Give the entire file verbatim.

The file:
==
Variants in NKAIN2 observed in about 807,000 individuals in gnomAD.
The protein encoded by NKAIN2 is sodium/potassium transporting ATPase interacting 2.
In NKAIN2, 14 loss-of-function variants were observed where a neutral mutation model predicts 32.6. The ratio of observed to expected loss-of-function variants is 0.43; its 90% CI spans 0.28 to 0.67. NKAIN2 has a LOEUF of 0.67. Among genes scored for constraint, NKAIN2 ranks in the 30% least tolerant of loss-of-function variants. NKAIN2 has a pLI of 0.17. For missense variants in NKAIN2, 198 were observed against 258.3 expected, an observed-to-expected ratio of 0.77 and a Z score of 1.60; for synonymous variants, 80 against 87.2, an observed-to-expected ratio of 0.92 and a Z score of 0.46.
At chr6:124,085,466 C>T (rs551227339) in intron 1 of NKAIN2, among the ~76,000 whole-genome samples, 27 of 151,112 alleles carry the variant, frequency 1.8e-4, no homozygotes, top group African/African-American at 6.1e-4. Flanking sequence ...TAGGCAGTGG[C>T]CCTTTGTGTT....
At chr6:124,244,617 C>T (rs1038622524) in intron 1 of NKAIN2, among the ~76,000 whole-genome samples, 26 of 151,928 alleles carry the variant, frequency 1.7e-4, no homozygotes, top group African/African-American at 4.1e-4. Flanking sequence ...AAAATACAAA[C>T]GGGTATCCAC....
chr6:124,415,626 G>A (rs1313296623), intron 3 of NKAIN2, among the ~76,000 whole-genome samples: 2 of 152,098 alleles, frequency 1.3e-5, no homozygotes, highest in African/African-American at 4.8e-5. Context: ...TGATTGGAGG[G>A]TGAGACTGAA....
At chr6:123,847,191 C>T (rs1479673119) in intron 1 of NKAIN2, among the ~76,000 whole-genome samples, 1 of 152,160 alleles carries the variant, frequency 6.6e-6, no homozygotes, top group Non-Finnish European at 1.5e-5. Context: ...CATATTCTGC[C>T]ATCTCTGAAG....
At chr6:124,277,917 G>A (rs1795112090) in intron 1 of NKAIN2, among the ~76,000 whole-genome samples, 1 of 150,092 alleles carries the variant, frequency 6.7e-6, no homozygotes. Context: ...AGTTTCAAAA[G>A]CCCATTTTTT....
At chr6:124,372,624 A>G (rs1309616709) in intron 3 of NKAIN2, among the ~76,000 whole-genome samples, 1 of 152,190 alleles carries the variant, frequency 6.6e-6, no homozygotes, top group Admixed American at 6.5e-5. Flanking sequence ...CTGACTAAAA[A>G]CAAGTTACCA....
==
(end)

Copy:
Variants in NKAIN2 observed in about 807,000 individuals in gnomAD.
The protein encoded by NKAIN2 is sodium/potassium transporting ATPase interacting 2.
In NKAIN2, 14 loss-of-function variants were observed where a neutral mutation model predicts 32.6. The ratio of observed to expected loss-of-function variants is 0.43; its 90% CI spans 0.28 to 0.67. NKAIN2 has a LOEUF of 0.67. Among genes scored for constraint, NKAIN2 ranks in the 30% least tolerant of loss-of-function variants. NKAIN2 has a pLI of 0.17. For missense variants in NKAIN2, 198 were observed against 258.3 expected, an observed-to-expected ratio of 0.77 and a Z score of 1.60; for synonymous variants, 80 against 87.2, an observed-to-expected ratio of 0.92 and a Z score of 0.46.
At chr6:124,085,466 C>T (rs551227339) in intron 1 of NKAIN2, among the ~76,000 whole-genome samples, 27 of 151,112 alleles carry the variant, frequency 1.8e-4, no homozygotes, top group African/African-American at 6.1e-4. Flanking sequence ...TAGGCAGTGG[C>T]CCTTTGTGTT....
At chr6:124,244,617 C>T (rs1038622524) in intron 1 of NKAIN2, among the ~76,000 whole-genome samples, 26 of 151,928 alleles carry the variant, frequency 1.7e-4, no homozygotes, top group African/African-American at 4.1e-4. Flanking sequence ...AAAATACAAA[C>T]GGGTATCCAC....
chr6:124,415,626 G>A (rs1313296623), intron 3 of NKAIN2, among the ~76,000 whole-genome samples: 2 of 152,098 alleles, frequency 1.3e-5, no homozygotes, highest in African/African-American at 4.8e-5. Context: ...TGATTGGAGG[G>A]TGAGACTGAA....
At chr6:123,847,191 C>T (rs1479673119) in intron 1 of NKAIN2, among the ~76,000 whole-genome samples, 1 of 152,160 alleles carries the variant, frequency 6.6e-6, no homozygotes, top group Non-Finnish European at 1.5e-5. Context: ...CATATTCTGC[C>T]ATCTCTGAAG....
At chr6:124,277,917 G>A (rs1795112090) in intron 1 of NKAIN2, among the ~76,000 whole-genome samples, 1 of 150,092 alleles carries the variant, frequency 6.7e-6, no homozygotes. Context: ...AGTTTCAAAA[G>A]CCCATTTTTT....
At chr6:124,372,624 A>G (rs1309616709) in intron 3 of NKAIN2, among the ~76,000 whole-genome samples, 1 of 152,190 alleles carries the variant, frequency 6.6e-6, no homozygotes, top group Admixed American at 6.5e-5. Flanking sequence ...CTGACTAAAA[A>G]CAAGTTACCA....